While making some alterations to the SMP tracks page, I happened to load some tracks from Phil G4OBK’s recent Madeira expedition, and noticed that the summit markers were not being placed exactly where they “should” be. This is usually nothing to worry about, and often happens where a summit position is off by a few seconds of arc, and is only a minor inconvenience. What struck me about the Madeira summits, however, is that ALL the summit-markers were placed consistently about 100 meters to the SSE of the “actual” summit position as seen in the satellite view in Google maps.
This consistent displacement made me wonder whether the Madeira summit positions as stored in the SOTA database are not based on the WGS84 Global Spherical Mercator projection (as used by Google Maps, Google Earth, Bing maps, Yahoo maps and others), but rather on some other, older, coordinate system?
As it happens, accurate positions of these (and other) summits in the WGS84 projection can easily be ascertained from within the SMP by zooming in to the summit and activating the Position -> Latitude/Longitude Grid controls at the top of the map area (other means of doing this, of course, also exist…). Perhaps the Region Manager for Madeira could rectify the summit positions?
In reply to DM1CM:
Interesting. Jim G0CQK produced the locations from SRTM data which is how we normally check summit locations. That is WGS84 based ISTR. A consistent error offset suggests that maybe two differing coordinate systems have been used.
I know that most UK walkers have their GPS set to BNG (British National Grid) which is OSGB36 based not WGS84. What I don’t know is how a GPS handles the conversion to and from WGS84. If I was writing the software then I would do everything internally as WGS84, the native data format and only convert to the local format when displaying the results. Using OSGB36 datum will be wrong for somewhere so far from the UK as Madeira and if the results were saved in OSGB36, putting them into your code could result in an fixed error.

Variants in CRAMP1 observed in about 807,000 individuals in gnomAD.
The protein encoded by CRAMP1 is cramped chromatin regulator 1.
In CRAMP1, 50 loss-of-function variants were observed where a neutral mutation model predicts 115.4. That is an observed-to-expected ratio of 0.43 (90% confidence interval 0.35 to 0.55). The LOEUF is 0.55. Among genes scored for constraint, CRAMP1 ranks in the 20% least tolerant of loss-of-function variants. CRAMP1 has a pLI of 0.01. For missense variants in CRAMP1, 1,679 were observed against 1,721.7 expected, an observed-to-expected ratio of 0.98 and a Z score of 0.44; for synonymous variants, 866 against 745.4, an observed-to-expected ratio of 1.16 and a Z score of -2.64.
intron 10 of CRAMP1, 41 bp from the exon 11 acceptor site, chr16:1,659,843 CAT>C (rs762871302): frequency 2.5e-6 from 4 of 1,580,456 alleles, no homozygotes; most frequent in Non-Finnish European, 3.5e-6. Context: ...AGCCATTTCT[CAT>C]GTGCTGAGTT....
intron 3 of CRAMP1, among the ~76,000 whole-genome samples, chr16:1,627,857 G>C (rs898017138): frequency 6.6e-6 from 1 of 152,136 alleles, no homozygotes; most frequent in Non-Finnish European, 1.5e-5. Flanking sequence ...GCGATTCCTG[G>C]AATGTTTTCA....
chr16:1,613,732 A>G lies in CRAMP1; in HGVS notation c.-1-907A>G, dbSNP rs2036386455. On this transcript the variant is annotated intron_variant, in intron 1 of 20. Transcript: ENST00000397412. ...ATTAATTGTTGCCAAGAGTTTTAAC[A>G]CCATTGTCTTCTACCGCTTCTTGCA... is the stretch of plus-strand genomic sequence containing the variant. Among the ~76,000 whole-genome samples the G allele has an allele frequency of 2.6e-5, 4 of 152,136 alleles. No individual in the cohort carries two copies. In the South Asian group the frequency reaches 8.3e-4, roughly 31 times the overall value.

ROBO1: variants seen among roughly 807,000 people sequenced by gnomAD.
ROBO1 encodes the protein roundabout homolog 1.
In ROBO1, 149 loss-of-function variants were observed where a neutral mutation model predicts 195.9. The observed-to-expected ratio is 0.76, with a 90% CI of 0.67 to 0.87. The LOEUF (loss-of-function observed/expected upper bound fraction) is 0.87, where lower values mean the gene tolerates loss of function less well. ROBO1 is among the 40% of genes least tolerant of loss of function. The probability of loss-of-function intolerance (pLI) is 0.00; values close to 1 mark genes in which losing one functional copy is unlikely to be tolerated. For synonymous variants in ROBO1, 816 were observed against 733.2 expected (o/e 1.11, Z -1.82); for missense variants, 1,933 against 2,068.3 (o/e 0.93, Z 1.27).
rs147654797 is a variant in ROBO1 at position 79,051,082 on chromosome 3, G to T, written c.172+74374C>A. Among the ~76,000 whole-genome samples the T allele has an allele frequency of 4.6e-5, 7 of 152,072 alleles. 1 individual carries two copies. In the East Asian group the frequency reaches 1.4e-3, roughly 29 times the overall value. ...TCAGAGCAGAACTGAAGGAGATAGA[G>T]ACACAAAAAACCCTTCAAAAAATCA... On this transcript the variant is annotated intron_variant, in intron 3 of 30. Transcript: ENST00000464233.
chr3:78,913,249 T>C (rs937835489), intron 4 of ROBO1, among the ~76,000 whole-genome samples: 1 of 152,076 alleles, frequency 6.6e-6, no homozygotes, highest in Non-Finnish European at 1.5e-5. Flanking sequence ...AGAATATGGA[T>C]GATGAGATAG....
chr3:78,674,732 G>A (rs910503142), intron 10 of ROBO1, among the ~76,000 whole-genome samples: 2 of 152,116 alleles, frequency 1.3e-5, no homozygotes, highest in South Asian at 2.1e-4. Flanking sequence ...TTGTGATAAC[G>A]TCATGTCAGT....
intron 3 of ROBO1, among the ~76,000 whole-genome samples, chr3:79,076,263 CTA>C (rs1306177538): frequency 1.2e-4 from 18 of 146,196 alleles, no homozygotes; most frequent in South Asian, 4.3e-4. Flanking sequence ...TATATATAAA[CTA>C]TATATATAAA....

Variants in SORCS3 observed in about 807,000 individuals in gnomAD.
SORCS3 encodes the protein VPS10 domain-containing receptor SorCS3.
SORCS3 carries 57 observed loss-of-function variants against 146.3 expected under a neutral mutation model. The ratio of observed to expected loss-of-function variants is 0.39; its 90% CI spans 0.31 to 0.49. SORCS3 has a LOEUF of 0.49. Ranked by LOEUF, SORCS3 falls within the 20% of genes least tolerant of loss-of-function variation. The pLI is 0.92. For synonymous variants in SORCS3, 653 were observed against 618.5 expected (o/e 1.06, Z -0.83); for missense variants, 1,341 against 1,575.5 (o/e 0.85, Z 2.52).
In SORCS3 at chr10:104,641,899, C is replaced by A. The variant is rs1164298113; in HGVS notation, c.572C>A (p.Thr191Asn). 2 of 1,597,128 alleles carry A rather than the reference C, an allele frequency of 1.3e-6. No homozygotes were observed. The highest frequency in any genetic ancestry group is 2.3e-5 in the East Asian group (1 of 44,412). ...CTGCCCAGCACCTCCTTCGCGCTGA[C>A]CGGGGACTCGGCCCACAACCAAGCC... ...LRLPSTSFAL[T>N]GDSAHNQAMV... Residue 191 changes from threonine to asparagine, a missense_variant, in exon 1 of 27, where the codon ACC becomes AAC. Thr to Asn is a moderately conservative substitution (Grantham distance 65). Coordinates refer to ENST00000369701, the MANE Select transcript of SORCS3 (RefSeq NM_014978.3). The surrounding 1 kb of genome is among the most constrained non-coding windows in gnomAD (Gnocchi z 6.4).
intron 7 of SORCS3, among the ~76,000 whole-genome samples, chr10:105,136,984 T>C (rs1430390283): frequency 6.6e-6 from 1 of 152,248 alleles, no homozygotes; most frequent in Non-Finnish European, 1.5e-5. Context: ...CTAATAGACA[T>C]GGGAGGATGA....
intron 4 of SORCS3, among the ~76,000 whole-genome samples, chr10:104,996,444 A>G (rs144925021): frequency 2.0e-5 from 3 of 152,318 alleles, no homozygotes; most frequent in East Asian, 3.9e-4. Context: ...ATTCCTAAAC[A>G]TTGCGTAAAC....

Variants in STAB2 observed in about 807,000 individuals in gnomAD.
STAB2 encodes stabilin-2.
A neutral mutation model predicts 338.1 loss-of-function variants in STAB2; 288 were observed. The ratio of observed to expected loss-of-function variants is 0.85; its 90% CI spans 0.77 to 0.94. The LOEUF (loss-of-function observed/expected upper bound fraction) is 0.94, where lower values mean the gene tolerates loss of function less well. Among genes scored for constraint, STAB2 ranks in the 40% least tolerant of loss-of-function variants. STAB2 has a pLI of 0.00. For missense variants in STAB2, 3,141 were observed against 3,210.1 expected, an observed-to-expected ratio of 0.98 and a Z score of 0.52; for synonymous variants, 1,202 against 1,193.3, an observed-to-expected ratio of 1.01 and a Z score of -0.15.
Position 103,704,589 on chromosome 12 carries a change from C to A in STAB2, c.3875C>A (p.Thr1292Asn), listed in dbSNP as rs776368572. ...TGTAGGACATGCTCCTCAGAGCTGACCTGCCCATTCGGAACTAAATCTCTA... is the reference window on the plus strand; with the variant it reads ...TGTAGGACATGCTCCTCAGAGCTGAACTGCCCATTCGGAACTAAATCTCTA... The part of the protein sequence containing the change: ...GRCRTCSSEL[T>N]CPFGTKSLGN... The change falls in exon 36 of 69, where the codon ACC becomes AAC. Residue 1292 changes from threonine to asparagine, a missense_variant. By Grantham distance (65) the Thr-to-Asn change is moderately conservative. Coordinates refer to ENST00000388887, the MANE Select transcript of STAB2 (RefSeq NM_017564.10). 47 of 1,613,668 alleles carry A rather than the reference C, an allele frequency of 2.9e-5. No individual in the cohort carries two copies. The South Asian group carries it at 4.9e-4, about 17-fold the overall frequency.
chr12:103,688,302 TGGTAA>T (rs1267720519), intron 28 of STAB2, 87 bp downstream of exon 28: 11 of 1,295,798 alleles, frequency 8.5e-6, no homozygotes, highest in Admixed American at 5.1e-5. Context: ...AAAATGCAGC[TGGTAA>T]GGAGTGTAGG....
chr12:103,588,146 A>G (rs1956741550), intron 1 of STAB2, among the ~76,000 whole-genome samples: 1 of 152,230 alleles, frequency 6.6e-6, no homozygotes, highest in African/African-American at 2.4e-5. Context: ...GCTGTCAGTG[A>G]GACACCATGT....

It would be interesting to download the track which is in error into the same typeof GPS that created it, switch the datum to the correct one for Madeira and then re-upload the track to see if it now aligns with the existing summit position. Maybe the error is now preserved and this would have no effect.
Or maybe the original data we generated for CT3 is wrong.
In reply to MM0FMF:
HI Andy (and Rob)
I think you are over complicating the issue. (Too complicated for me to understand anyway!) I realised that the SOTA quoted positions of the summits were incorrect when I fed Rob’s GPX data into Open Street Map running in Base Camp before our trip (assuming OSM was correct - caveat being that it is a community project). So I adjusted them to what I found was the highest point of contour in OSM and then loaded them back into my GPS.
I think the data is slightly out but like you and Rob don’t know why. I also found the contour data for MI-011 in OSM was less high that it should have been compared to my 1:40000 paper map and the quoted height in the SOTA summits database, having said that MI-011 wasn’t a summit I activated, although Stephan and Jana and Jurg did activate that one last month before we got there.
In reply to G4OBK:
Hi to both,
I’m not saying Phil’s GPS tracks are in the “wrong” position - on the contrary, they seem to agree very well with the positioning of both Google maps’ satellite images and, as well as can be determined, from the Google map contours. So your GPS appears to be working well, Phil.